The obvious storage choice is a rock. We still have rocks that are over four billion years old. These rocks have survived the scorching Hadean temperatures and disgusting algae birthings of primordial Earth; they have survived the slapping of wet lungfish crawling to their terrible two-legged fates; they have survived world wars, natural disasters, and ska music. A good rock will easily last the next 100 years.

The Brookby quarry in Auckland has been mining greywacke since 1940, and reckons it’s got 140 years left. Leaving our rubbish in a gaping earthy wound is the perfect way to symbolise this generation’s rampant materialism.

The Mt Vic lookout

Wellington City Council is the best council in the country. I say this because it responded quickly and usefully to my query about burying a time capsule in Shelly Bay.

A long list of capsule location options from the Wellington City Council

The Basin Reserve has the most emotional significance to 2020s New Zealanders, and there’s no doubt cricket will last for many more centuries, but we can’t bury a capsule there. There is a strong chance the Basin will be consumed by its ancestral lagoon.

The Mt Victoria lookout is the best option. In 2018 it was the site of a mysterious pasta dump, but in 2020 it has become a place for people to stretch their work-from-home legs and gaze out at our capital city’s monuments: the Beehive, the tides of shit, and the godforsaken public art. Our capsule can watch, too, and despair.

Mysterious monolith

One of these monoliths will turn up in our country at some point, and we will repurpose it into a time capsule. Whether the creators of the monoliths are aliens, Elon Musk, or a marketing team for a currently unannounced 2001: A Space Odyssey television remake, if you leave a mysterious shiny pillar in the middle of the bush you forfeit your rights to it.

This is considered littering and I won’t stand for it

Hobbiton

The series that led Elijah Wood to piss on a national treasure is not over! The Amazon Prime television show is currently being filmed in Kumeu, but Hobbiton will not die. It’s been almost 20 years since The Fellowship of the Ring, and the Matamata set is still thriving. These are real hobbit holes, just big enough for a time capsule and, say, Dave Dobbyn? I don’t know, just spitballing here.

The CRL tunnels

Tunnel mining on the City Rail Link doesn’t start until April, but we can wait. It took almost a century to get plans for a city rail link off the ground, and when it is finally completed in another century we can celebrate by boring open the tunnel walls again to get our 2020 time capsule. The City Rail Link comms team had only one question when asked if we could do this. “What will you put inside the capsule?” they asked.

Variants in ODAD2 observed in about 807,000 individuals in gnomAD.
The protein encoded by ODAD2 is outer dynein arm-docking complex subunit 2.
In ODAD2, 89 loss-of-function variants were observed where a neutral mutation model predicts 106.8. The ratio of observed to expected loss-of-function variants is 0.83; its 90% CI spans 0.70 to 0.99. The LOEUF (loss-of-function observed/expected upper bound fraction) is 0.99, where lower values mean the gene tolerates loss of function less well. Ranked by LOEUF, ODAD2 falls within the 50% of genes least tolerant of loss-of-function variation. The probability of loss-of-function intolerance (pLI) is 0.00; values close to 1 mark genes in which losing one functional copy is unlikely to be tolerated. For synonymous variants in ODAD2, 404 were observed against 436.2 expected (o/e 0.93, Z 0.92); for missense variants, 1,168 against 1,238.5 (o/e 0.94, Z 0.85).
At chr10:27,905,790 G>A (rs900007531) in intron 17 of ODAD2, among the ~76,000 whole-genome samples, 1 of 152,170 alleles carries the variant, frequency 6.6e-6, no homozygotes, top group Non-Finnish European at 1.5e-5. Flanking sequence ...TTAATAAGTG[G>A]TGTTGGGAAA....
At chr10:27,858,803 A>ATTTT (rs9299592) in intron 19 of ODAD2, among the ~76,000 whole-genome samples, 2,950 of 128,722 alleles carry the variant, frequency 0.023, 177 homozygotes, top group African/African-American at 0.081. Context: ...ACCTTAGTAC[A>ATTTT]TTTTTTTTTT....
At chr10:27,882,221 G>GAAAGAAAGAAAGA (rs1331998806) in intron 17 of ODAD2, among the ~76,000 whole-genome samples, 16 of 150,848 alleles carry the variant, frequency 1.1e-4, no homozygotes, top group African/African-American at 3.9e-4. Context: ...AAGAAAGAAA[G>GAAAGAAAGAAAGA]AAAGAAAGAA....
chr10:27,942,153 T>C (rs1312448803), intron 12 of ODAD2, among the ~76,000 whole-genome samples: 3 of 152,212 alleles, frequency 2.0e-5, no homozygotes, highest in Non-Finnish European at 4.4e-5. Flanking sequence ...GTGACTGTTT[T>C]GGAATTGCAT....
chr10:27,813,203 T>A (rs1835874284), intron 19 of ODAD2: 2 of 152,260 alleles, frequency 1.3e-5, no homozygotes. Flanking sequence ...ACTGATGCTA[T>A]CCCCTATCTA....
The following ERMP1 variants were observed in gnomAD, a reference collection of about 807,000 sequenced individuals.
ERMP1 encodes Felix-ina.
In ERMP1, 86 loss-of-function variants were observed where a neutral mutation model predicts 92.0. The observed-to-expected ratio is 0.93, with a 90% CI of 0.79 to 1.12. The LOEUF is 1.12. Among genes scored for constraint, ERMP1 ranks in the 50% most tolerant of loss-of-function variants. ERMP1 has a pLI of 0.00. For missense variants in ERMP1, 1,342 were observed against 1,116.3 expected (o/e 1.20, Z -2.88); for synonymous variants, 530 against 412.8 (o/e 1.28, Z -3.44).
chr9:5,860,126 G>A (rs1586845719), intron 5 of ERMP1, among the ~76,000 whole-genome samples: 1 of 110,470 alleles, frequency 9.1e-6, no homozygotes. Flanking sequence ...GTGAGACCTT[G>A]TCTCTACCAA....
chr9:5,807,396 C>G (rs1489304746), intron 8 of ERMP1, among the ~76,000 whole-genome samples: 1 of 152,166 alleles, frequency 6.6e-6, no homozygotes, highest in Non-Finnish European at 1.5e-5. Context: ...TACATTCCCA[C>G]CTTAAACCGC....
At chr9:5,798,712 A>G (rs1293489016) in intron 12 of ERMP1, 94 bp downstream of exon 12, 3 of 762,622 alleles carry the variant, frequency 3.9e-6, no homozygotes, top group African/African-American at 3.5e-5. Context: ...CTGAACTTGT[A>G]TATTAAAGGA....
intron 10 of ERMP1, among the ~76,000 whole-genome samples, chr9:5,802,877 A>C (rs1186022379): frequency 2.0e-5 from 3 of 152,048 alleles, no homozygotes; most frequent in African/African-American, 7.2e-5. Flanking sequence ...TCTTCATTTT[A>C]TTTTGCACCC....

“So far the list is an Iko Iko statue of Ashley Bloomfield and a trinket from the prime minister’s office,” I said.

“Plus some CRL Collateral!” they said. I thank the sweet trainmen for their enthusiasm and cling to this railway capsule dream.

Market Square rubbish bin

When I asked Tramco if they’d be open to hosting a time capsule in the Auckland Viaduct, they told me options are limited. “You can’t really ‘dig’ a hole anywhere in the Viaduct because it’s all original wharf turf around the waterfront,” was the response. “You could possibly hide it under a pop-up rubbish bin footing in Market Square?”

Opportunity awaits. (Photo supplied by Tramco)

This was underselling it. This rubbish bin was once a secret cellsite, and it’s right next to Headquarters – the site of David Seymour’s 2020 election night party, when Act got its best result of all time. This is where I want the Spinoff 2020 time capsule to go. Our capsule will sit under a bin that has witnessed a moment in political history that will never be discussed again. It will watch the tides carry Leo Molloy’s body back to the depths whence it came. It will have rubbish poured on it, just as we’ve done the Earth. This is it.

Am I right? Am I wrong? Give us your thoughts, or alternative suggestions, at info@thespinoff.co.nz.

Want to know more about our time capsule project? Check out our previous stories here.




The Spinoff is made possible by the generous support of the following organisations.
Please help us by supporting them.